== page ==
MONTGOMERY, Ala. — Gov. Kay Ivey and health officials extended an order requiring face masks in public Wednesday, arguing that the requirement — while unpopular among many — has proven effective at helping control the state's coronavirus outbreak.
The five-week extension, announced during a Capitol news conference, means the mask requirement will be in effect on Election Day and through much of the remaining high school and college football seasons.
Ending the mask ordinance could harm the state by leading to a "false sense of security," Ivey said, and a "safe environment" is needed for in-person voting.
The mask rule, which took effect in mid-July, was set to expire Friday but will continue through Nov. 8 under a health order released by Ivey. It requires anyone over the age of 6 to wear masks in indoor public spaces and outdoors when it's impossible to stay at least 6 feet (2 meters) away from others.
In a move aimed at combatting isolation among people in nursing homes and hospitals, residents and patients will now be allowed one visitor or caregiver at a time.
More than 2,500 people in Alabama have died of COVID-19, according to researchers from Johns Hopkins University, giving the state the nation's 21st high death count. Alabama has reported 153,554 positive results out of 1.1 million tests for an overall positivity rate of 13.7%, according to the COVID Tracking Project.
But the illness caused by the new coronavirus has spread at a slower pace since the state enacted the mask rule, statistics show, and hospitalizations have fallen to less than half of the high reached in July and August when the virus was spreading rapidly through the state.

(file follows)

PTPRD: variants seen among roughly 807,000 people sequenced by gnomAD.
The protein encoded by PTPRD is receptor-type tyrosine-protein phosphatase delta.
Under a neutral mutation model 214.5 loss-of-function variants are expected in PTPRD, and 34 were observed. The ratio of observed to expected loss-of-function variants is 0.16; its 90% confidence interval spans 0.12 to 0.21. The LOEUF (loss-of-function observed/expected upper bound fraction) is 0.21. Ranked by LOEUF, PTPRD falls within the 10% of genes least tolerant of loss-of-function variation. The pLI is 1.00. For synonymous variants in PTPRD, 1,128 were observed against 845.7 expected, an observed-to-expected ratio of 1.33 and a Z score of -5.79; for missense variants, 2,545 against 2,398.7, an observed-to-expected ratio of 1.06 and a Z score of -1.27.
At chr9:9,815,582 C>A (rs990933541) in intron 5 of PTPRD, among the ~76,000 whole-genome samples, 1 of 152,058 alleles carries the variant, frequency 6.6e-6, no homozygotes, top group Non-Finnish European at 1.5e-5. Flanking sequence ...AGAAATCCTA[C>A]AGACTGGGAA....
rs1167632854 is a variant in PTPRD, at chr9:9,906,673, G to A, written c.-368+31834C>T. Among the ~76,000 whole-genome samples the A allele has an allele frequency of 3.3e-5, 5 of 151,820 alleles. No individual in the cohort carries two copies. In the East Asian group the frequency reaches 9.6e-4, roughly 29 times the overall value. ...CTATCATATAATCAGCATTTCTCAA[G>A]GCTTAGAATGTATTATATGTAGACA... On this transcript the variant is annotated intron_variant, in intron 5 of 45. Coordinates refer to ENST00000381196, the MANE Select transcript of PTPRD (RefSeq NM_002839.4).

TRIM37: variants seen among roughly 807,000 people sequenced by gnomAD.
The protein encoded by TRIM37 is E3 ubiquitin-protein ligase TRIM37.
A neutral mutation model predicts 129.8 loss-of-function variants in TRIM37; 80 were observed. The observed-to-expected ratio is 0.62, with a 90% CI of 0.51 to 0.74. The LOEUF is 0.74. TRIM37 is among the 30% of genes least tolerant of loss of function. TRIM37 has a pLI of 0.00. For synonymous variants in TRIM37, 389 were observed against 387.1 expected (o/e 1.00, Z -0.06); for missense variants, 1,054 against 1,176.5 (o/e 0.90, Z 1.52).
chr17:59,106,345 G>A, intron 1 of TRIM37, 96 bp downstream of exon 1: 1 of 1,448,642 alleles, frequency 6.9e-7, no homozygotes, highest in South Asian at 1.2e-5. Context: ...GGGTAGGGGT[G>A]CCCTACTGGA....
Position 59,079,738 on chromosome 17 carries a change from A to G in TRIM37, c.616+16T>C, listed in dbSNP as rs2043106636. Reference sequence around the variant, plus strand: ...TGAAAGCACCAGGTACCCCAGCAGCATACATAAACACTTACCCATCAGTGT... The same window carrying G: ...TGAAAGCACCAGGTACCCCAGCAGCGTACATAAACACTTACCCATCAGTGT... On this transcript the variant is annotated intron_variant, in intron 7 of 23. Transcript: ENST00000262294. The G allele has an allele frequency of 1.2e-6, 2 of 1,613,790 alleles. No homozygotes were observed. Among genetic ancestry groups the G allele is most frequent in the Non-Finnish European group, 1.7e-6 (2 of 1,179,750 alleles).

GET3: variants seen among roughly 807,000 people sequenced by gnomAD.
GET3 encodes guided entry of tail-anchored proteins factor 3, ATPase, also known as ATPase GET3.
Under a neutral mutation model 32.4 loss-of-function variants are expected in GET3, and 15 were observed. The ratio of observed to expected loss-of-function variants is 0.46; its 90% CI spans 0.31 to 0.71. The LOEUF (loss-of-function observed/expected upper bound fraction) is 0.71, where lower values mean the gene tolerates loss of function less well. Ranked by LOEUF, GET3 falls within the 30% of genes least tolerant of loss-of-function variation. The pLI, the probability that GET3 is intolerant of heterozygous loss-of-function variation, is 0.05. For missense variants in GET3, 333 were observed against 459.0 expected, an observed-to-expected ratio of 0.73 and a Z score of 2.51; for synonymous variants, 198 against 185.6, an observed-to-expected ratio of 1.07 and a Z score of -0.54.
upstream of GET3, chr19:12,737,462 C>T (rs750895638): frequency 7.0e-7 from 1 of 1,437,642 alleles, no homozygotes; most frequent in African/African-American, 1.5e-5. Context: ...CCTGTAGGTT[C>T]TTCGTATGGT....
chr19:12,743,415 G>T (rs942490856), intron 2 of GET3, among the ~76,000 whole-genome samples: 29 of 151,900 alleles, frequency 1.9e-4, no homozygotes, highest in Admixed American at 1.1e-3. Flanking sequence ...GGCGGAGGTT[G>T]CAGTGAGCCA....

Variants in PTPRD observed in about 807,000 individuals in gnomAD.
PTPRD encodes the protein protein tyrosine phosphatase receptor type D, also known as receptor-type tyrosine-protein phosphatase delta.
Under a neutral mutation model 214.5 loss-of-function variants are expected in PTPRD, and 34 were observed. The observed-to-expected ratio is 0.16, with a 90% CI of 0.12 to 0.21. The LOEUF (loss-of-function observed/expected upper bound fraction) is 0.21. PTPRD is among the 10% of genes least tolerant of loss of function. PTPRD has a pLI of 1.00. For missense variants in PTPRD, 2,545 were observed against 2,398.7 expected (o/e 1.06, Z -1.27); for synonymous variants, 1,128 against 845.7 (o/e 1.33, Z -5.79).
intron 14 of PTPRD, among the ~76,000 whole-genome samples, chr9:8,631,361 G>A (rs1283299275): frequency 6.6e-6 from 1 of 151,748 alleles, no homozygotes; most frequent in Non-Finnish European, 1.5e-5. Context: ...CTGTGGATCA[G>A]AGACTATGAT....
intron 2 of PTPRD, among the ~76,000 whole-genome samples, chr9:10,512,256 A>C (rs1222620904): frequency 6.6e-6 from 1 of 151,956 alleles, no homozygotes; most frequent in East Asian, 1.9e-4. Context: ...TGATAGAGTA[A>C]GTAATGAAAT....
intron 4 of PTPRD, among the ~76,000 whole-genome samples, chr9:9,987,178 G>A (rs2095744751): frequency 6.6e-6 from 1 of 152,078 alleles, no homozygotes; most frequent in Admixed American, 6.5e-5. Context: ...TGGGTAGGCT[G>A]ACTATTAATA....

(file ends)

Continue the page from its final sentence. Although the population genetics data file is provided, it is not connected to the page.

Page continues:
"The fact is ... our mask ordinance is working," Ivey said.
Speaking before Ivey's announcement, the head of the health agency in the state's most populous area, Jefferson County, said the mask requirement had helped tamp down the disease.
"Things are better than they were before that order was issued, and we'd like to keep it that way. But things are still not great," said Dr. Mark Wilson, Jefferson County's health officer.
Health officials said a mask order could be needed at least through early 2021 or even longer depending on when an effective vaccine could be widely distributed and whether new effective treatments can be developed.
A lawsuit filed by failed U.S. Senate candidate and former Alabama Supreme Court Chief Justice Roy Moore seeks to overturn the order, which he claims is unconstitutional. Critics of the order include Lt. Gov. Will Ainsworth, who argues that facial coverings should be voluntary, not mandatory.